Ivory Coast is the world's top producer of cocoa but hardly any of it is processed into chocolate there. Instead, the cocoa is sent abroad to chocolate makers in Europe and elsewhere. This is a general problem throughout Africa – massive exports of raw materials but few finished goods. As Emilie Iob reports from Abidjan, several Ivorian entrepreneurs are working to change that formula - 100 percent Ivorian chocolate bar at a time.
    Video

    Video Ivorian Chocolate Makers Promote Locally-made Chocolate

    Ivory Coast is the world's top producer of cocoa but hardly any of it is processed into chocolate there. Instead, the cocoa is sent abroad to chocolate makers in Europe and elsewhere. This is a general problem throughout Africa – massive exports of raw materials but few finished goods. As Emilie Iob reports from Abidjan, several Ivorian entrepreneurs are working to change that formula - 100 percent Ivorian chocolate bar at a time.
    Video

    Video Tesla Opens Battery-Producing Gigafactory

    Two years after starting to produce electric cars, U.S. car maker Tesla Motors has opened the first part of its huge battery manufacturing plant, which will eventually cover more than a square kilometer. Situated close to Reno, Nevada, the so-called Gigafactory will eventually produce more lithium-ion batteries than were made worldwide in 2013. VOA's George Putic reports.
    Video

    Video Polio-affected Afghan Student Fulfilling Her Dreams in America

    Afghanistan is one of only two countries in the world where children still get infected by polio. The other is Pakistan. Mahbooba Akhtarzada who is from Afghanistan, was disabled by polio, but has managed to overcome the obstacles caused by this crippling disease. VOA's Zheela Nasari caught up with Akhtarzada and brings us this report narrated by Bronwyn Benito.
    Video

    Video Hillary Clinton Promises to Build a 'Better Tomorrow'

    Democratic presidential candidate Hillary Clinton urged voters Thursday not to give in to the politics of fear. She vowed to unite the country and move it forward if elected in November. Clinton formally accepted the Democratic Party's nomination at its national convention in Philadelphia. VOA national correspondent Jim Malone has more.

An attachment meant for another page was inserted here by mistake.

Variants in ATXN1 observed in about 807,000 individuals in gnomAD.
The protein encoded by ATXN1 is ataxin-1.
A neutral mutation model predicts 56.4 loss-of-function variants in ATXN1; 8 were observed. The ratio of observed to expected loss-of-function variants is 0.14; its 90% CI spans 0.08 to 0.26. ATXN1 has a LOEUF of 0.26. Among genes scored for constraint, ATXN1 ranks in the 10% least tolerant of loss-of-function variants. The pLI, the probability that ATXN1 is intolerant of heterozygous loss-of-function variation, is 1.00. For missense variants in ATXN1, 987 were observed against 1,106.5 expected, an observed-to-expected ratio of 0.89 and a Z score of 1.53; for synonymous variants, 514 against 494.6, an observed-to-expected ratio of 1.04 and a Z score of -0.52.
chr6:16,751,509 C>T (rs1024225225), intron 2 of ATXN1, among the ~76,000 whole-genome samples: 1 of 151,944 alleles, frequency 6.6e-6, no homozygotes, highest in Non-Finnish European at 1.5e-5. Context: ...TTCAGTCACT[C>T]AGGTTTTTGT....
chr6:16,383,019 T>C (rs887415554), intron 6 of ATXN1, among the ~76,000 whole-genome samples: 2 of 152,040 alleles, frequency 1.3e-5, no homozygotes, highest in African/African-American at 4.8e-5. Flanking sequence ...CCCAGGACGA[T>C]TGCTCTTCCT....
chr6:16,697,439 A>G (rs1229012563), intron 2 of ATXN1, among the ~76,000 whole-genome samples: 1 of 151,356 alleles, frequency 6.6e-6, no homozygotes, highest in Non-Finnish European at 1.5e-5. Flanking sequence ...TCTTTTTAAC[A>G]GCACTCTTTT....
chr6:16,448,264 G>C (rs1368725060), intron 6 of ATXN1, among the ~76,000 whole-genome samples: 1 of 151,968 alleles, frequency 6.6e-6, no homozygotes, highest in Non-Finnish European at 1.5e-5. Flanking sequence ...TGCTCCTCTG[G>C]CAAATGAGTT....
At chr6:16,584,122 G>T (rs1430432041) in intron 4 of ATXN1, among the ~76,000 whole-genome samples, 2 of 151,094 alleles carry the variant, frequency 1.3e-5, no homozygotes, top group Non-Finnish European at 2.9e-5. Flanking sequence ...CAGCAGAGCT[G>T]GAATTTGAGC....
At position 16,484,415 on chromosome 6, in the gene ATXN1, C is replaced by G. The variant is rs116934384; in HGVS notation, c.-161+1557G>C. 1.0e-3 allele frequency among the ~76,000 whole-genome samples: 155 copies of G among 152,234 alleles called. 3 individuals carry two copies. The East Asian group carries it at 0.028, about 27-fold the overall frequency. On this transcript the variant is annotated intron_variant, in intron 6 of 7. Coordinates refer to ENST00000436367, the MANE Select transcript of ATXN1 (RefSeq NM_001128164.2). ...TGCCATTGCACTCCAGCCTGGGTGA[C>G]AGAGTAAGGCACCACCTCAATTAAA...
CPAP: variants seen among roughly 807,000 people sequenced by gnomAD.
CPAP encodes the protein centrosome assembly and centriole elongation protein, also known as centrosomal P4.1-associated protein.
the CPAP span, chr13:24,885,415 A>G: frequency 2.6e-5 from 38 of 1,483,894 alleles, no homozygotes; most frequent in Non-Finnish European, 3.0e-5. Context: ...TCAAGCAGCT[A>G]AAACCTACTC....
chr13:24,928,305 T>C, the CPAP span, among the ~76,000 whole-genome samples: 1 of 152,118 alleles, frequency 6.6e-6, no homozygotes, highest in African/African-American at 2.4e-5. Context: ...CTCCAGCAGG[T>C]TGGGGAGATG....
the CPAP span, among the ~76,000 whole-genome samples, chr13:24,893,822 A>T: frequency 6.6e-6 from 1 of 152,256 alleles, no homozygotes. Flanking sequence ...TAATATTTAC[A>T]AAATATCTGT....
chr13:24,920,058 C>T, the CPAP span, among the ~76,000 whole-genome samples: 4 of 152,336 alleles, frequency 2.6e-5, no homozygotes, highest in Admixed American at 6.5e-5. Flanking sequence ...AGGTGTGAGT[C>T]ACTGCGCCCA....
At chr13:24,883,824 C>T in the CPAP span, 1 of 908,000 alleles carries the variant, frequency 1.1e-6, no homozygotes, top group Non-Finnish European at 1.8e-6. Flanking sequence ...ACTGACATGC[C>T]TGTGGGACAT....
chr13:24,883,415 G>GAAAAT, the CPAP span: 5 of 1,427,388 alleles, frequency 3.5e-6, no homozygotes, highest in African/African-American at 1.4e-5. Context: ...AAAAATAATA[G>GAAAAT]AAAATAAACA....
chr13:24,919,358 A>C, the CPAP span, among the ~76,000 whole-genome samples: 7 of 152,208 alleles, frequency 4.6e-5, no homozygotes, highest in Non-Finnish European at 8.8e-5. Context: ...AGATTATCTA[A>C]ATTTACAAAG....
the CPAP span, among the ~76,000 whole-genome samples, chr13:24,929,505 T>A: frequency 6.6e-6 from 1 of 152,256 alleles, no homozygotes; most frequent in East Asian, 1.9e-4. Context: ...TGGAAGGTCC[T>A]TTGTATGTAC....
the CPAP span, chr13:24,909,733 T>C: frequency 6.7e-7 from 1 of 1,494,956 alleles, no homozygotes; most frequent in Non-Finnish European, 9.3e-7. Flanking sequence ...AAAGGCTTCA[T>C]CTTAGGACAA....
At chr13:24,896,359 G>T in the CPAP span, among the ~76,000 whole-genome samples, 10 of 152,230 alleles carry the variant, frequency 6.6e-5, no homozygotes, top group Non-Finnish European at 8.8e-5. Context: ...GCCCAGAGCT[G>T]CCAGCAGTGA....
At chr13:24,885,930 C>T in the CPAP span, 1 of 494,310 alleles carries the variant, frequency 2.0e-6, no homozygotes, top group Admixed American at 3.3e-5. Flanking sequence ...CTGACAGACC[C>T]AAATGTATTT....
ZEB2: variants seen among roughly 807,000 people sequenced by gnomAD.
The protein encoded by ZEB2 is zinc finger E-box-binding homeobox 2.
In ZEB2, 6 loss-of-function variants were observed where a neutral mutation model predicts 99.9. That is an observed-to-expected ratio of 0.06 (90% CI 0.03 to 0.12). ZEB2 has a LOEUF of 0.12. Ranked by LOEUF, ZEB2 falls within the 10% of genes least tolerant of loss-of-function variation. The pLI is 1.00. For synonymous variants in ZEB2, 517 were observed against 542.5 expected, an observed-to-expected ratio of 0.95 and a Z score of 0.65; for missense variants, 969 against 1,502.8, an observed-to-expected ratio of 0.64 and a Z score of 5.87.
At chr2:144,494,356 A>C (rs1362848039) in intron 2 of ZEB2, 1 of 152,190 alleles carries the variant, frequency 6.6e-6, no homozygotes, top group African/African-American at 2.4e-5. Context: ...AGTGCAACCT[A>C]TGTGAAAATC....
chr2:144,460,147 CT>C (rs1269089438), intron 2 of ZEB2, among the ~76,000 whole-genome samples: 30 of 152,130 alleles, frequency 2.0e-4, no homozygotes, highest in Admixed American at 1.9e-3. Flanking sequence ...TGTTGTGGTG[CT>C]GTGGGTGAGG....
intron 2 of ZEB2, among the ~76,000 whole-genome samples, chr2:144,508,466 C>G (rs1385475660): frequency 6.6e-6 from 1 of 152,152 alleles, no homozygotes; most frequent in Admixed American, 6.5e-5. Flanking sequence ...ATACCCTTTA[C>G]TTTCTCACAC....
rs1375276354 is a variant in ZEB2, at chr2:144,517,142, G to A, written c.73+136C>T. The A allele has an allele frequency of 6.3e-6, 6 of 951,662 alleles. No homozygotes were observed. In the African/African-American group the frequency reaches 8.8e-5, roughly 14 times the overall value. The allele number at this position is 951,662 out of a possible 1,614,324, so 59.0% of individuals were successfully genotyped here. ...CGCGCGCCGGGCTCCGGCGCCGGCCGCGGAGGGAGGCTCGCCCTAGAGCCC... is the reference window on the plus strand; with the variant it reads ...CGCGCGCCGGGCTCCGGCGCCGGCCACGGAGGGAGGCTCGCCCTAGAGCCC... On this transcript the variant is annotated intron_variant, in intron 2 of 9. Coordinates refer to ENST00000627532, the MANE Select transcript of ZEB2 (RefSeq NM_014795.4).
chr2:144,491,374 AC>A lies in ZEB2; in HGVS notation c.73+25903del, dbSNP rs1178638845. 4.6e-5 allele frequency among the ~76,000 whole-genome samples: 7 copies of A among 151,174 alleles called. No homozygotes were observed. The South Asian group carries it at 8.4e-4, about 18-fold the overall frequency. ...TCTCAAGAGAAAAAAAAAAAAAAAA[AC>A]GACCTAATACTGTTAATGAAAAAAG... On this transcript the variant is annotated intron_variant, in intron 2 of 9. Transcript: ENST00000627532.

Video

    Video Trump Tones Down Praise for Russia

    Republican presidential candidate Donald Trump is toning down his compliments for Russia and Vladimir Putin as such rhetoric got him in trouble recently. After calling on Russia to find 30.000 missing emails from rival Hillary Clinton, Trump told reporters he doesn't know Putin and never called him a great leader, just one who's better than President Barack Obama. Putin has welcomed Trump's overtures, but, as Zlatica Hoke reports, ordinary Russians say they are not putting much faith in Trump.
    Video

    Video Uganda Unveils its First Solar-powered Bus

    A solar-powered bus described by its Ugandan makers as the first in Africa has made its public debut. Kiira Motors' electric bus, Kayoola, displayed recently at a stadium in Uganda's capital. From Kampala, Maurice Magorane filed this report narrated by Salem Solomon.
    Video

    Video Silicon Valley: More Than A Place, It's a Culture

    Silicon Valley is a technology powerhouse and a place that companies such as Google, Facebook and Apple call home. It is a region in northern California that stretches from San Francisco to San Jose. But, more than that, it's known for its startup culture. VOA's Elizabeth Lee went inside one company to find out what it's like to work in a startup.
    Video

    Video Immigrant Delegate Marvels at Democratic Process

    It’s been a bitter and divisive election season – but first time Indian-American delegate Dr. Shashi Gupta headed to the Democratic National Convention with a sense of hope. VOA’s Katherine Gypson followed this immigrant with the love of U.S. politics all the way to Philadelphia.
    Video

    Video Dutch Entrepreneurs Turn Rainwater Into Beer

    June has been recorded as one of the wettest months in more than a century in many parts of Europe. To a group of entrepreneurs in Amsterdam the rain came as a blessing, as they used the extra water to brew beer. Serginho Roosblad has more to the story.
    Video

    Video Commerce Thrives on US-Mexico Border

    At the Democratic Convention in Philadelphia this week, the party’s presumptive presidential nominee, Hillary Clinton, is expected to attack proposals made by her opponent, Republican presidential nominee Donald Trump, to build a wall along the U.S.-Mexico border. Last Friday, President Barack Obama hosted his Mexican counterpart, President Enrique Peña Nieto, to underscore the good relations between the two countries. VOA’s Greg Flakus reports from Tucson.
    Video

    Video Film Helps Save Ethiopian Children Thought to be Cursed

    'Omo Child' looks at effort of African man to stop killings of ‘mingi’ children
    Video

    Video London’s Financial Crown at Risk as Rivals Eye Brexit Opportunities

    By most measures, London rivals New York as the only true global financial center. But Britain’s vote to leave the European Union – so-called ‘Brexit’ – means the city could lose its right to sell services tariff-free across the bloc, risking its position as Europe’s financial headquarters. Already some banks have said they may shift operations to the mainland. Henry Ridgwell reports from London.

    Special Report

    Adrift The Invisible African Diaspora